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Huddled masses pass life test 

When a baby is born, a doctor immediately gives it a five-step "Apgar test," making sure the child doesn't need medical intervention. The Trump administration is proposing its own Apgar test—only for adults.

Here are some young adults I had the privilege to meet over the last few years when I was head of communications for Cal Poly's College of Engineering.

Tell me if they should have failed the test.

Andrea discovered a passion for social entrepreneurship when she worked on PolyHouse, a Cal Poly Engineering class project that provided home renovations to local families struggling with disabilities.

An officer of the Society of Hispanic Professional Engineers at Cal Poly, Abel led a team to design a robot that encourages children to be more active. They took first place in a national contest.

Eduardo won the CSU Student Research Competition before taking a management position in a Silicon Valley tech company.

Chosen to participate in NASA's Aeronautics Academy internship program, Alonso gave a presentation at NASA Headquarters in Washington, D.C.

Because of Ana's distinguished academic performance and her contributions to a remarkable project that helps amputees climb stairs, she was named an Outstanding Woman in Engineering.

What links these individuals?

They are Cal Poly graduates. They are first-generation college students and children of immigrants who would have been barred from legal entry to the U.S. under the RAISE Act introduced this year by Sens. Tom Cotton (R-Arkansas) and David Perdue (R-Georgia).

Recently touted by President Trump, RAISE—Reforming American Immigration for Strong Employment—would reduce immigration to the U.S. by 50 percent, impose a cap of 50,000 refugee admissions per year, and end the visa diversity lottery. Trump advisors Steve Bannon (of Breitbart) and Stephen Miller (architect of Trump's Muslim ban) helped craft the proposal.

The numbers of those hoping to join family members as they seek free and prosperous lives in the U.S. will be halved under the Cotton-Perdue bill, largely due to sharp cuts in family-based immigration.

Instead, RAISE would institute a merit-based Apgar test based on points awarded for education, English fluency, high-paying job offers, age, achievement awards, and—get this—investment of at least $1.35 million in an entrepreneurial enterprise or U.S. company.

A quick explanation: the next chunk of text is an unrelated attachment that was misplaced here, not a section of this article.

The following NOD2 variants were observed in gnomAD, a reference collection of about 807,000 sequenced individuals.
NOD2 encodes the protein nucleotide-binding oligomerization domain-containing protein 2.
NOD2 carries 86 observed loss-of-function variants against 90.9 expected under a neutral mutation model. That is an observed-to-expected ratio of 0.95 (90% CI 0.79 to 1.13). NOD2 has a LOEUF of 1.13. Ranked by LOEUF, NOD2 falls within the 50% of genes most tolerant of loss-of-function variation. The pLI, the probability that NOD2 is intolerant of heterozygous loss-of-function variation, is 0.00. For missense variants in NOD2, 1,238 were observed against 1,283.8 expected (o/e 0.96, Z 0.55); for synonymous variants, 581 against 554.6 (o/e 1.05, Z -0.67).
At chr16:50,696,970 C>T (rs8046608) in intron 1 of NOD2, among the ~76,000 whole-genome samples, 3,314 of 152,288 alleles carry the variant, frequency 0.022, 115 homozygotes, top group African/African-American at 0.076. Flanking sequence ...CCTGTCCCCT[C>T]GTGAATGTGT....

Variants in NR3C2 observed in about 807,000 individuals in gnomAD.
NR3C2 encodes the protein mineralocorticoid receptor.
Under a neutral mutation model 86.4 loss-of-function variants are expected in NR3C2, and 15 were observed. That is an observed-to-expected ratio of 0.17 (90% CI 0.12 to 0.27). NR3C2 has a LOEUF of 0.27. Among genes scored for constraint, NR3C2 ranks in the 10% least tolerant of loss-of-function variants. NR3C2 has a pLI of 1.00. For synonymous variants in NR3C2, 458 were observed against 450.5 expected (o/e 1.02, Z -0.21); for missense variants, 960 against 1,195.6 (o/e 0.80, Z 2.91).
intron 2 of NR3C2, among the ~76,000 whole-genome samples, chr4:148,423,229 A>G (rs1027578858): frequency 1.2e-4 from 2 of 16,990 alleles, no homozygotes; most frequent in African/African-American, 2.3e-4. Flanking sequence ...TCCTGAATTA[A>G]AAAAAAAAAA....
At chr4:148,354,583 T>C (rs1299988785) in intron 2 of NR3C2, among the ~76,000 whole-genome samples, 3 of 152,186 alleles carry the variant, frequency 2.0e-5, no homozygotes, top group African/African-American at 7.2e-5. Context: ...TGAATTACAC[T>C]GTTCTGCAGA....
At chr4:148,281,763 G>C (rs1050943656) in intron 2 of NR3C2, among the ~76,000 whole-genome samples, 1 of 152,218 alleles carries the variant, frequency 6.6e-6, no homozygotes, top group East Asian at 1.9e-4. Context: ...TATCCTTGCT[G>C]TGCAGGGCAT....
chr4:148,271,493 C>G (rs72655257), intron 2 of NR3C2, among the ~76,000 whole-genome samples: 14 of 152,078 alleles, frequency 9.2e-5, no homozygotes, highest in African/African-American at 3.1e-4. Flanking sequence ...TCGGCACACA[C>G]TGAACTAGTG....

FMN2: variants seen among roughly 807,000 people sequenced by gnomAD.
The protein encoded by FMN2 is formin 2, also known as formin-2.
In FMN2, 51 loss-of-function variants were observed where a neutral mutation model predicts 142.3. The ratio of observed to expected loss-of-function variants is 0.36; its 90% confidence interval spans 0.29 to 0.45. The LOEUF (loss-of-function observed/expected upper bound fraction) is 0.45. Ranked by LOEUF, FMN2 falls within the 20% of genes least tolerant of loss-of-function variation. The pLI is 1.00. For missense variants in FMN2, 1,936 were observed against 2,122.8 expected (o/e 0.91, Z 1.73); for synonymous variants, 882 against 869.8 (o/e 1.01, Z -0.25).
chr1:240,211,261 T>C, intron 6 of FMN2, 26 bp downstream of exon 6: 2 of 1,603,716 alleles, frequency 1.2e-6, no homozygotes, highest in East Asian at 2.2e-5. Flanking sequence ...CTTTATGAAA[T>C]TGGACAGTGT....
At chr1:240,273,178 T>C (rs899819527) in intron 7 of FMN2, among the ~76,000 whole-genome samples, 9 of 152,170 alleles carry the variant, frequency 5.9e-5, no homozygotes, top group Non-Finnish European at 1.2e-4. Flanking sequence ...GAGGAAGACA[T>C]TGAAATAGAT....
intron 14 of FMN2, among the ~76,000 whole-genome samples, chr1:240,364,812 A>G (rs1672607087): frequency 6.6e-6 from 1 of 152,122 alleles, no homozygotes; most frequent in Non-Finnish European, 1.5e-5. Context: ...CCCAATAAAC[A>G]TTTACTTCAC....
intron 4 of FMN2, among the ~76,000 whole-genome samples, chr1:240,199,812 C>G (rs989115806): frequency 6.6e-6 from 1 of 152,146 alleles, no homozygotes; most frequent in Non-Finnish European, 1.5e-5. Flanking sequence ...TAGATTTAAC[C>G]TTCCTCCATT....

As you can imagine, many are arguing the merits (and demerits) of RAISE, using debatable statistics, imagined economic scenarios, political rhetoric, stereotypical assumptions, and commissioned studies.

It's not surprising that the Trump administration 86'd a key Department of Health and Human Services study. Why? Because it demonstrated that between 2005 and 2014, refugees stimulated a net increase of $63 billion in government revenues over public benefit costs.

The study debunks arguments made by immigration opponents about the greater value of "desirable," elite return-on-investment immigrants over refugee immigrants fleeing war-torn countries.

Let's return to the stories of those first-generation students.

Born in Vietnam, Andrea immigrated to the U.S. with her parents when she was 6. "My parents want me to go as far as possible because they didn't have the opportunity to get an education themselves," she said.

Abel, Eduardo, Alonso, and Ana, meanwhile, were all born in Mexico to parents with limited or no English speaking skills.

Fact is, these parents are all around us. They struggle and sacrifice so that their children would have a better life.

Abel's father and mother showed him that "you can succeed, even with limited resources." "Mom used to say, 'Go to Stanford. Be a doctor!'"

Alonso noted that his dad taught him how to weld. On a tour of NASA facilities in Mountain View, Alonso got to show him his own designs for "things Dad could only imagine."

These high-achieving students are proud of themselves, certainly, and they're proud of their parents who would not score "desirable" green card status under RAISE but envisioned a better life for their kids.

The anti-immigration Apgar boys would have us believe that the intrinsic value of any individual immigrant can be measured and foreseen by an elite values test.

But even an Apgar test for newborns can't predict long-term health—nor can the RAISE merit system assure success. What it for sure will not do is allow for the uniquely American dreams of immigrant families like those of Alonso, Abel, and Ana.

In fact, Ana started her Cal Poly education as undocumented. Without official U.S. identification, she could not hold a driver's license or be legally employed. As a Dreamer under President Obama's Deferred Action for Childhood Arrivals (DACA) program, Ana was able to fully assimilate into the U.S.

Throughout the county, many Anas are among us, making all our lives better.

"I want to share my bachelor's degree and eventually Ph.D. with my grandmother and mother, who were denied the privilege of an education," Ana said. "I am determined that our new family history begins with me." Δ

Amy Hewes is filling in for Kristine Johnson this week. She is actively involved in grassroots political action. Send comments through the editor at clanham@newtimesslo.com.

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